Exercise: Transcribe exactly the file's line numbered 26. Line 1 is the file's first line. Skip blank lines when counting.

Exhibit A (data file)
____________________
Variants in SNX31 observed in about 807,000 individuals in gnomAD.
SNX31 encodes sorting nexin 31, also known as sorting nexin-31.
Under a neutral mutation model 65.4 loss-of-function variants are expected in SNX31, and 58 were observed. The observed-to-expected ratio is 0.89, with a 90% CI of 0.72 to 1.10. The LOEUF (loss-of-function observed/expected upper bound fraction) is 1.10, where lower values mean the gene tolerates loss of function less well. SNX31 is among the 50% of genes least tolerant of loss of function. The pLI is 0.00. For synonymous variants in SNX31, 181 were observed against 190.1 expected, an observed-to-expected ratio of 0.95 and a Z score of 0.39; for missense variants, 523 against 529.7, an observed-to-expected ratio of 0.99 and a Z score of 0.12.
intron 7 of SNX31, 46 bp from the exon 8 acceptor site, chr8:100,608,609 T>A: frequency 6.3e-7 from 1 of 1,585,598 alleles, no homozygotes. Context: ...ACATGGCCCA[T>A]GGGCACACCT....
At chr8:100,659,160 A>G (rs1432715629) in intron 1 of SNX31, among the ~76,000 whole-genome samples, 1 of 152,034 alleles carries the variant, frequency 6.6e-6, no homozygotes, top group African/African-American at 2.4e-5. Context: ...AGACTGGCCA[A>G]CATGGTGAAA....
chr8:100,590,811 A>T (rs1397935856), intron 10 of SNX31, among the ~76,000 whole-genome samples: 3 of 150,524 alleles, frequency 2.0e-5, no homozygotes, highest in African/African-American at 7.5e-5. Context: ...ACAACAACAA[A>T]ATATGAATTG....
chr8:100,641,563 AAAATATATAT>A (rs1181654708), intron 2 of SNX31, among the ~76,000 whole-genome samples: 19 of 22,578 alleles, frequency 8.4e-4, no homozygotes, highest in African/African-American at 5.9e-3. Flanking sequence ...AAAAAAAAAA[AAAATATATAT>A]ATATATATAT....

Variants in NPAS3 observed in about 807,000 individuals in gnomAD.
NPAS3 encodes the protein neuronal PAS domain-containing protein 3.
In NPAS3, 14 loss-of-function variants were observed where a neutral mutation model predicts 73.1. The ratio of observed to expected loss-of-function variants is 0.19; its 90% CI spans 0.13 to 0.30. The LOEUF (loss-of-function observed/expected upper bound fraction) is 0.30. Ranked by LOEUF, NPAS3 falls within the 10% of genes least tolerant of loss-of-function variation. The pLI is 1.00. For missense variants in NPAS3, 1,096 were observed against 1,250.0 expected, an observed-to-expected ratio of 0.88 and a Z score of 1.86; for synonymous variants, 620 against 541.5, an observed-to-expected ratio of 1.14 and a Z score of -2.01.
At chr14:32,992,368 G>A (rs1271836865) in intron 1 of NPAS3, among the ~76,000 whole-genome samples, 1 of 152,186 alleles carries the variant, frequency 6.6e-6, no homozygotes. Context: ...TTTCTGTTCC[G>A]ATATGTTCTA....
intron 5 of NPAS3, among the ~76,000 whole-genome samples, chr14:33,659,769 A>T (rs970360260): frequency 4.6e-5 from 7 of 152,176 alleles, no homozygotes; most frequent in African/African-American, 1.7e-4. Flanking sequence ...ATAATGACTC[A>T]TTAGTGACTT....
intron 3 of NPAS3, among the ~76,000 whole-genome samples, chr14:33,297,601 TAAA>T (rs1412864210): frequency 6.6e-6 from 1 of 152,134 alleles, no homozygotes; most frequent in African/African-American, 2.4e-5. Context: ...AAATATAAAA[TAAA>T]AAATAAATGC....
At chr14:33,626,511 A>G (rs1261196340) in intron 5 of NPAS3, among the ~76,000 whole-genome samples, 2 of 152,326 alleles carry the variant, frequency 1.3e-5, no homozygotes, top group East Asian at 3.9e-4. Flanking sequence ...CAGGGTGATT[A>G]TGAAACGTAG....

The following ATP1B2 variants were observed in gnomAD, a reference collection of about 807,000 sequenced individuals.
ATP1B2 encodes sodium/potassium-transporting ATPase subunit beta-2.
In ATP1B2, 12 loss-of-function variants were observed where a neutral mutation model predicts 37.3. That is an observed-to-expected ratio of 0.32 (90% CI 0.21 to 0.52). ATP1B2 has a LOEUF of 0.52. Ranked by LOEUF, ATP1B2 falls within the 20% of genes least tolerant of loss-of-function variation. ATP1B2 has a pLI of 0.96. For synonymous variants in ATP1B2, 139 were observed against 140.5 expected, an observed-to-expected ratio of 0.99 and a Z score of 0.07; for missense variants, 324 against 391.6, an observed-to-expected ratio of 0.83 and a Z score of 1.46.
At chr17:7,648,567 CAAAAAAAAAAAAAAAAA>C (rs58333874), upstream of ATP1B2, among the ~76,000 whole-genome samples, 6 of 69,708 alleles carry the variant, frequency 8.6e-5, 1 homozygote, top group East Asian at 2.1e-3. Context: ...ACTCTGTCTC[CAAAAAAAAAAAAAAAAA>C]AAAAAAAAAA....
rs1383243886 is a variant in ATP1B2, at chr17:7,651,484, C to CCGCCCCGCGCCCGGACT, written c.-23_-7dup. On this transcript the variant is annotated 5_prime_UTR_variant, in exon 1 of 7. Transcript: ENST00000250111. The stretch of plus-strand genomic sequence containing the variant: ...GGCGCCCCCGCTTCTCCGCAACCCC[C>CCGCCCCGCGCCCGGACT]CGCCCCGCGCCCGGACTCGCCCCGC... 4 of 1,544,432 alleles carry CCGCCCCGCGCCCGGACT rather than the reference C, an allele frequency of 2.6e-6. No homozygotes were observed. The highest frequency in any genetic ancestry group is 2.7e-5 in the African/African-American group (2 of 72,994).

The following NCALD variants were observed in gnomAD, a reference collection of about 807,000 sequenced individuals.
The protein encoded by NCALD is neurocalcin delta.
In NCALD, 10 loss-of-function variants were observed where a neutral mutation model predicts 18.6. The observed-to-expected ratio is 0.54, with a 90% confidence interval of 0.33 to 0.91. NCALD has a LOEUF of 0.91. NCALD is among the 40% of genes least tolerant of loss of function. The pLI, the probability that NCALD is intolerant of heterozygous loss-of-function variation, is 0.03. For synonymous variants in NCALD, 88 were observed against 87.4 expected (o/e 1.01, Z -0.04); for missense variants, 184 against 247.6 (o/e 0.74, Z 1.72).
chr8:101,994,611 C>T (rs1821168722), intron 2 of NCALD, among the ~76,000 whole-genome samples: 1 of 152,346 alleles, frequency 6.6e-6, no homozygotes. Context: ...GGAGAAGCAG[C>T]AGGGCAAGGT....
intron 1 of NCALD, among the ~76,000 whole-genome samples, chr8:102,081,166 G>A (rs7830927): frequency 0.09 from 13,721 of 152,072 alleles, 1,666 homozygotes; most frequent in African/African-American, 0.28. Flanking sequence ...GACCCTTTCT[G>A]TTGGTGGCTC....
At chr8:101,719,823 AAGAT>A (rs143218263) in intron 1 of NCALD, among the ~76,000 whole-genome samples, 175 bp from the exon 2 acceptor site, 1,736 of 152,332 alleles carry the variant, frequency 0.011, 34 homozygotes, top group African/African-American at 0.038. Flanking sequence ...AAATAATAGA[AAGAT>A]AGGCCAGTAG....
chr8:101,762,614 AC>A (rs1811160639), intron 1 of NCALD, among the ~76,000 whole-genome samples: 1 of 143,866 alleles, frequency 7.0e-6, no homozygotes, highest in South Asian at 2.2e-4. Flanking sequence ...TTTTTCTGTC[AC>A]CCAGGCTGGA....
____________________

chr8:101,762,614 AC>A (rs1811160639), intron 1 of NCALD, among the ~76,000 whole-genome samples: 1 of 143,866 alleles, frequency 7.0e-6, no homozygotes, highest in South Asian at 2.2e-4. Flanking sequence ...TTTTTCTGTC[AC>A]CCAGGCTGGA....